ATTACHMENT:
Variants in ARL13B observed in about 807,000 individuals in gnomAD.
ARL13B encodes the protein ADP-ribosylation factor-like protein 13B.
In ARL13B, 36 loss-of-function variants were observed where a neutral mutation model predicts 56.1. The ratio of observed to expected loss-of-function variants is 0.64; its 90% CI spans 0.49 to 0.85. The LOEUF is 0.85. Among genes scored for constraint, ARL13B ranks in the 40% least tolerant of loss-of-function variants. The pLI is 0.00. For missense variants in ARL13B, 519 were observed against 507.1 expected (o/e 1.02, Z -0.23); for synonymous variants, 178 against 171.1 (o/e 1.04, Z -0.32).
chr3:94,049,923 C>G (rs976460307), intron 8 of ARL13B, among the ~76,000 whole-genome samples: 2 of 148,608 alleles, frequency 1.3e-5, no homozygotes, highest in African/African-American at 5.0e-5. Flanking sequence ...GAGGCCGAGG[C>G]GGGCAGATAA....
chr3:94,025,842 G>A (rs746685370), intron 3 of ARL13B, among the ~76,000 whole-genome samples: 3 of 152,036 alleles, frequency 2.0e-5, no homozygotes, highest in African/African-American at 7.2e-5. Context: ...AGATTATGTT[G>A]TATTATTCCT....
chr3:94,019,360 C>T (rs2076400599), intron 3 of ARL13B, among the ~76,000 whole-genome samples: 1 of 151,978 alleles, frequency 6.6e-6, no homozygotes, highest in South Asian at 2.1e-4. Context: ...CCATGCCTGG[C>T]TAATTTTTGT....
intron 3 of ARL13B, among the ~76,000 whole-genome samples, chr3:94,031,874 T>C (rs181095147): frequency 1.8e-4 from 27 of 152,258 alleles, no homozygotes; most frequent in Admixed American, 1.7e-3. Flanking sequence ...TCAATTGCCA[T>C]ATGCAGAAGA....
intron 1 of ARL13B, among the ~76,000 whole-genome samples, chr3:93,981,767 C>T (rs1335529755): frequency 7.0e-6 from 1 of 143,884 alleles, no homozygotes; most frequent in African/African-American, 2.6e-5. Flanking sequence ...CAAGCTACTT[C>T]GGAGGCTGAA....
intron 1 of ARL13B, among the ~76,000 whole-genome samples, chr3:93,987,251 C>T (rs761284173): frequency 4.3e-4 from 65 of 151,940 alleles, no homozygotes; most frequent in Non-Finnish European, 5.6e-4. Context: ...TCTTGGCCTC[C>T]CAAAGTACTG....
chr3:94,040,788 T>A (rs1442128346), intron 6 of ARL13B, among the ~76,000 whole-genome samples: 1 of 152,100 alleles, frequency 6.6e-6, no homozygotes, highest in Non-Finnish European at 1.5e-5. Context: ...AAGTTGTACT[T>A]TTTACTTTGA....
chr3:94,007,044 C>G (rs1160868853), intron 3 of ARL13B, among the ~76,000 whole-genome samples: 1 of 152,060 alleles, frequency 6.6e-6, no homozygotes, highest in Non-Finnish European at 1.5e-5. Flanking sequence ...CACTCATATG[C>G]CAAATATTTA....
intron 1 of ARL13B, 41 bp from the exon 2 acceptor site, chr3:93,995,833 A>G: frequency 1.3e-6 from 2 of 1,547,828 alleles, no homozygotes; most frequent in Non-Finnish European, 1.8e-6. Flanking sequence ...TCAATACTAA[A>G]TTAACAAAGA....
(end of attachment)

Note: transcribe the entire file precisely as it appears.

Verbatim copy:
Variants in ARL13B observed in about 807,000 individuals in gnomAD.
ARL13B encodes the protein ADP-ribosylation factor-like protein 13B.
In ARL13B, 36 loss-of-function variants were observed where a neutral mutation model predicts 56.1. The ratio of observed to expected loss-of-function variants is 0.64; its 90% CI spans 0.49 to 0.85. The LOEUF is 0.85. Among genes scored for constraint, ARL13B ranks in the 40% least tolerant of loss-of-function variants. The pLI is 0.00. For missense variants in ARL13B, 519 were observed against 507.1 expected (o/e 1.02, Z -0.23); for synonymous variants, 178 against 171.1 (o/e 1.04, Z -0.32).
chr3:94,049,923 C>G (rs976460307), intron 8 of ARL13B, among the ~76,000 whole-genome samples: 2 of 148,608 alleles, frequency 1.3e-5, no homozygotes, highest in African/African-American at 5.0e-5. Flanking sequence ...GAGGCCGAGG[C>G]GGGCAGATAA....
chr3:94,025,842 G>A (rs746685370), intron 3 of ARL13B, among the ~76,000 whole-genome samples: 3 of 152,036 alleles, frequency 2.0e-5, no homozygotes, highest in African/African-American at 7.2e-5. Context: ...AGATTATGTT[G>A]TATTATTCCT....
chr3:94,019,360 C>T (rs2076400599), intron 3 of ARL13B, among the ~76,000 whole-genome samples: 1 of 151,978 alleles, frequency 6.6e-6, no homozygotes, highest in South Asian at 2.1e-4. Context: ...CCATGCCTGG[C>T]TAATTTTTGT....
intron 3 of ARL13B, among the ~76,000 whole-genome samples, chr3:94,031,874 T>C (rs181095147): frequency 1.8e-4 from 27 of 152,258 alleles, no homozygotes; most frequent in Admixed American, 1.7e-3. Flanking sequence ...TCAATTGCCA[T>C]ATGCAGAAGA....
intron 1 of ARL13B, among the ~76,000 whole-genome samples, chr3:93,981,767 C>T (rs1335529755): frequency 7.0e-6 from 1 of 143,884 alleles, no homozygotes; most frequent in African/African-American, 2.6e-5. Flanking sequence ...CAAGCTACTT[C>T]GGAGGCTGAA....
intron 1 of ARL13B, among the ~76,000 whole-genome samples, chr3:93,987,251 C>T (rs761284173): frequency 4.3e-4 from 65 of 151,940 alleles, no homozygotes; most frequent in Non-Finnish European, 5.6e-4. Context: ...TCTTGGCCTC[C>T]CAAAGTACTG....
chr3:94,040,788 T>A (rs1442128346), intron 6 of ARL13B, among the ~76,000 whole-genome samples: 1 of 152,100 alleles, frequency 6.6e-6, no homozygotes, highest in Non-Finnish European at 1.5e-5. Context: ...AAGTTGTACT[T>A]TTTACTTTGA....
chr3:94,007,044 C>G (rs1160868853), intron 3 of ARL13B, among the ~76,000 whole-genome samples: 1 of 152,060 alleles, frequency 6.6e-6, no homozygotes, highest in Non-Finnish European at 1.5e-5. Flanking sequence ...CACTCATATG[C>G]CAAATATTTA....
intron 1 of ARL13B, 41 bp from the exon 2 acceptor site, chr3:93,995,833 A>G: frequency 1.3e-6 from 2 of 1,547,828 alleles, no homozygotes; most frequent in Non-Finnish European, 1.8e-6. Flanking sequence ...TCAATACTAA[A>G]TTAACAAAGA....